New Feature, Around the Net: Technology reshapes education, ‘making thinking visible’

Around the Net is a new feature here on TecKnoQuest enews blog.  This new feature will bring to you interesting articled found around the net.  Articles that we feel might be of interest to educators, students and parents.  As DedicatedTeacher works hard to bring you top quality digital educational resources that rely on technology, we will share articles along that line.

Our first edition to ‘Around the Net’ is an article by Richard Asa Chicago Tribune (TNS) titled Technology reshapes education, ‘making thinking visible’  Which addresses how technology is changing the classroom.  We will include highlights from this article that we found the most interesting and then provide a link to the entire article so that you can ‘read more’.  So let’s get started.

 Technology reshapes education, ‘making thinking visible’ by Chicago Tribune

 Technology reshapes education, ‘making thinking visible’

by Richard Asa -Chicago Tribune (TNS)
September 21, 2015

Jannette Jones, dean of education at Schaumburg-based for-profit American InterContinental University, told of a time she sat in on a middle school class and a student asked the teacher a question.

She said the teacher didn’t know the answer — but on the spot posed the question to her Twitter followers. The teacher in seconds received responses from several experts in the field, Jones said.

tcr8090That’s an example of how technology is changing education forever. Other examples include increased use of iPads and management software in the classroom and programs that include 3D printers and other 3D technology. […]

“Technology in the classroom has shifted (education) to the ‘sage on the side’ approach,” Jones told Blue Sky Innovation in an email response to questions. “ The reality is that this age of information and information literacy inundates teachers and students with mass amounts of content, but much comes without context.”

Technology, she says, makes learning more “robust” and individualized, allows students to embrace creativity and offers new learning strategies.

This is not some Orwellian vision of a future. Human teachers will always be needed to guide the prudent use of technology in the classroom. But it could be a revolution, or an evolution. Either way, it’s growing, particularly in grade school. […]

csbsl550261“The fastest growing trend that I see right now, both at school and in the home, is the move toward more portable, multiuse digital devices,” said Sharman Johnston, director of curriculum and instruction for Texas-based Children’s Lighthouse Learning Centers.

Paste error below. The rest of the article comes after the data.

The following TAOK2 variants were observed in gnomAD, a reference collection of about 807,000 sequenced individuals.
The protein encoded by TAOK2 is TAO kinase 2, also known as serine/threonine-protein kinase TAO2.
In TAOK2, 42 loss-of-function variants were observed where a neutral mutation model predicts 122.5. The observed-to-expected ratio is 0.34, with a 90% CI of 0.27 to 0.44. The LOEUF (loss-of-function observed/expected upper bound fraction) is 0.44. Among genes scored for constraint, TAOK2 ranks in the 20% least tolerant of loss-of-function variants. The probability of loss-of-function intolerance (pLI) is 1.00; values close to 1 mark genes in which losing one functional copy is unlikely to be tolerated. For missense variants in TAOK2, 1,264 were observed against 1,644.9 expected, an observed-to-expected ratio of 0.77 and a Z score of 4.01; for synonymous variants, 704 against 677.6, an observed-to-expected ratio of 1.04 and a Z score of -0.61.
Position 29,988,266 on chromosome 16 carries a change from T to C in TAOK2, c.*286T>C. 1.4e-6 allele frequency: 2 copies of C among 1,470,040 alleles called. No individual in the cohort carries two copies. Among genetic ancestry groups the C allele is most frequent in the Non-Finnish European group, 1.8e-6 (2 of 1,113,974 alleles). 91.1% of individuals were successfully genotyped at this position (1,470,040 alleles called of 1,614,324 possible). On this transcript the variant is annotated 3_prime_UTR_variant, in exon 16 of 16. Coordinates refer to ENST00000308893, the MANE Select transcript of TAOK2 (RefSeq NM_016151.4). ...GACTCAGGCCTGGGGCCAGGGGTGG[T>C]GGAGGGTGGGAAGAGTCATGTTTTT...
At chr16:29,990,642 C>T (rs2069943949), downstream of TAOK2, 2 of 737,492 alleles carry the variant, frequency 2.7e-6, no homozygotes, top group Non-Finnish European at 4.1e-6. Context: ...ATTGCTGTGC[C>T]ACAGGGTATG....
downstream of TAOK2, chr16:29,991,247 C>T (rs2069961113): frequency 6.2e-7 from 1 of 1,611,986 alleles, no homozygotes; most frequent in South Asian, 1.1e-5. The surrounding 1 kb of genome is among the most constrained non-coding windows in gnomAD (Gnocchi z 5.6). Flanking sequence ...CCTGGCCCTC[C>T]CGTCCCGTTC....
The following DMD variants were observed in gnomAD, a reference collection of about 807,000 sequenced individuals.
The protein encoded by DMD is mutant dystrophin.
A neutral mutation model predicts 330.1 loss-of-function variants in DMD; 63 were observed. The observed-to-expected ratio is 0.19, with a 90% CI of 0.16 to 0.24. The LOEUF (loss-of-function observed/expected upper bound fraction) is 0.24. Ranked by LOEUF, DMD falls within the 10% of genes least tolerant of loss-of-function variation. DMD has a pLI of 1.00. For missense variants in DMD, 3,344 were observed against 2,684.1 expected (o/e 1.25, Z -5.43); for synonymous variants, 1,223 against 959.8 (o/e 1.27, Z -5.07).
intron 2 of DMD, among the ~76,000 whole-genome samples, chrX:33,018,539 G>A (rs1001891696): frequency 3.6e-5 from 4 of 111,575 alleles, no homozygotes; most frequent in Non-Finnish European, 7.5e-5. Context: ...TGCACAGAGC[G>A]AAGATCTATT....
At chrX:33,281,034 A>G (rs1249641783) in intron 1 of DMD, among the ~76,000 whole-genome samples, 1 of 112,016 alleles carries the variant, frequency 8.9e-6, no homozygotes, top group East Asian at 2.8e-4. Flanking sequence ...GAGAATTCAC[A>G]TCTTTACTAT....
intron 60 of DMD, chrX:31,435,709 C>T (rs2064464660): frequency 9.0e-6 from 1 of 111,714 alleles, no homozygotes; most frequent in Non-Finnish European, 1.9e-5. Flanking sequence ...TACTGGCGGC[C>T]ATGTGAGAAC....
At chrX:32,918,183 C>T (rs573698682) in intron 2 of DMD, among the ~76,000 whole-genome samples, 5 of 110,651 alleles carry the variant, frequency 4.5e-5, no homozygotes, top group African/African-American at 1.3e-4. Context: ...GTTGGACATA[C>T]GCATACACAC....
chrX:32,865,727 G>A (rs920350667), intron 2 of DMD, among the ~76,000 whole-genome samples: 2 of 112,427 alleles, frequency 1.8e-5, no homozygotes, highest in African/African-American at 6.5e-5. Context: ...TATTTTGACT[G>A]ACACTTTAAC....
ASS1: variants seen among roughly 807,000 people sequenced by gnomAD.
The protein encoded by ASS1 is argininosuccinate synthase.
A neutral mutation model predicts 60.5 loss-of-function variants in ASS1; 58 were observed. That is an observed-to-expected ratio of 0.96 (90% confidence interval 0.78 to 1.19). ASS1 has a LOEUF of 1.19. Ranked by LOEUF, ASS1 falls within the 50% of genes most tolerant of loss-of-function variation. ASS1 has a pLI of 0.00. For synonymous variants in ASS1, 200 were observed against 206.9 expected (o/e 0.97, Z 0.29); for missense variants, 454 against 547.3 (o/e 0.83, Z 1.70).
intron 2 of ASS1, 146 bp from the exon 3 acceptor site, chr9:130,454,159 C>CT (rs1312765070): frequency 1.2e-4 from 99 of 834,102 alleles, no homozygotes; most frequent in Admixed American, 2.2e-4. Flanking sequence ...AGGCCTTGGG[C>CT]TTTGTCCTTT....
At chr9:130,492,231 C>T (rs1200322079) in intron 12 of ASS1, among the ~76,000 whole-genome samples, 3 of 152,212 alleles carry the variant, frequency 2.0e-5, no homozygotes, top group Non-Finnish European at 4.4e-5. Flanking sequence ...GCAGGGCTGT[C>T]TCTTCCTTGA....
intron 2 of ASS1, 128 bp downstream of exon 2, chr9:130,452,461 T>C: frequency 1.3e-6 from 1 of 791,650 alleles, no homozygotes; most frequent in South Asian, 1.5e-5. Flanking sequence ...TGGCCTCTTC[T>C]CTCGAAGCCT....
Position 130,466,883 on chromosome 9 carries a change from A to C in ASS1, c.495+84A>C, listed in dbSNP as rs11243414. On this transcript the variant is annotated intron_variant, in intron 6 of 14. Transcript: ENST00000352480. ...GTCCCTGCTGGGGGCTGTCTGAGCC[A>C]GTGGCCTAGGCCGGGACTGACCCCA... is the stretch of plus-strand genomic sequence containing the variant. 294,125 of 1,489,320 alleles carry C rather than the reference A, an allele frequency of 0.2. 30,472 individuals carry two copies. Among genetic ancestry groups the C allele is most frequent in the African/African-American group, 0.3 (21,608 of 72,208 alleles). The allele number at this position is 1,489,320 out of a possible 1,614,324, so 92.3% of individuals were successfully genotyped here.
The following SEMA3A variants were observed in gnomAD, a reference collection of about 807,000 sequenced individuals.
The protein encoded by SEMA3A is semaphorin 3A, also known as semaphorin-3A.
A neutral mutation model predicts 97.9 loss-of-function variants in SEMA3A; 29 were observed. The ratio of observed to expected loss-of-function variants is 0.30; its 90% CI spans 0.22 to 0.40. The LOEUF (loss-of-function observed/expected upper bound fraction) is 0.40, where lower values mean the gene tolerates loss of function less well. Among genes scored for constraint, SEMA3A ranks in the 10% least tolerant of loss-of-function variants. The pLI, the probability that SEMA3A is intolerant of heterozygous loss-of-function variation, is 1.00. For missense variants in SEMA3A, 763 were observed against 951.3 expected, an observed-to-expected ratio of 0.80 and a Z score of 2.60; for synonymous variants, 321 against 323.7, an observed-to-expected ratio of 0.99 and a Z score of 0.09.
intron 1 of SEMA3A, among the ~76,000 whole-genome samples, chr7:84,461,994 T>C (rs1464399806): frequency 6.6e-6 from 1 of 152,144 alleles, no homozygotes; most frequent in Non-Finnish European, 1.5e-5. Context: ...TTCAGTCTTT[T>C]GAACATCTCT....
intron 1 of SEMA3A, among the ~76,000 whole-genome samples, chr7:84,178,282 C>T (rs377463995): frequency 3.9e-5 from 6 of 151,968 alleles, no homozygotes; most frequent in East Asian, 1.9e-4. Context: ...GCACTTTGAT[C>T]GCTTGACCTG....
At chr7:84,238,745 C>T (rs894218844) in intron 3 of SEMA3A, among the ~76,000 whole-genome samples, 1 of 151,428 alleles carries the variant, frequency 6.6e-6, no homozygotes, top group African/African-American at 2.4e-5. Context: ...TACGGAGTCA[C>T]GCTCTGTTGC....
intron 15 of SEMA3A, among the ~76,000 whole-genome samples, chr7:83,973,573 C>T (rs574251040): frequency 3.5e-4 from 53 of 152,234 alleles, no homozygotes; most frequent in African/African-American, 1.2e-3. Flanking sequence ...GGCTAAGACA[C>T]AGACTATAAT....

“Teachers from pre-K through (high school) name laptops, iPads and electronic readers as the portable technologies with the greatest educational potential,” she said. Preschool teachers also favor digital cameras, calling them the “most valuable instructional technology tool.”

Johnston is leading the development of a proprietary curriculum known as CARES that among other themes adheres to the fact that technology must be built into a young child’s learning experience because technology has become ubiquitous and can enhance children’s real-world encounters.
sed51312Edtech specialist Holly Clark, a former Chicago Public Schools teacher, gives Illinois high marks for ensuring there is appropriate coaching for teachers new to the idea of Google apps or iPads in the classroom. CPS in mid-August conducted a “GooglePalooza” to help more than 1,000 teachers learn how to use Google Apps for Education, a free platform Clark called the best edtech tool.

Clark travels the world as part of a group of educators called EdTechTeam to help school districts and educators integrate technology into the classroom in a seamless and logical way.

Among her recent stops was School District 90 in River Forest, where she worked from 2007 to 2009 as technology curriculum specialist. While there, she said, it became clear to her that “making thinking visible,” a concept of Harvard University’s Project Zero, was going to be technology’s legacy in education.

“I began noticing that children learned best by doing, by sharing, by making their thinking visible,” she said. “I can’t help thinking how I wish I were a student now. I would have flourished in a classroom where I could be creative and my voice could be heard without getting detention.”

To read the more complete version of this article please go to the Chicago Tribune website has hundreds of resources to help you bring enhanced learning to your classroom through technology.  No need to be an expert at the gate, use the resources provided by our trusted and experienced publishers here at to guide you through!

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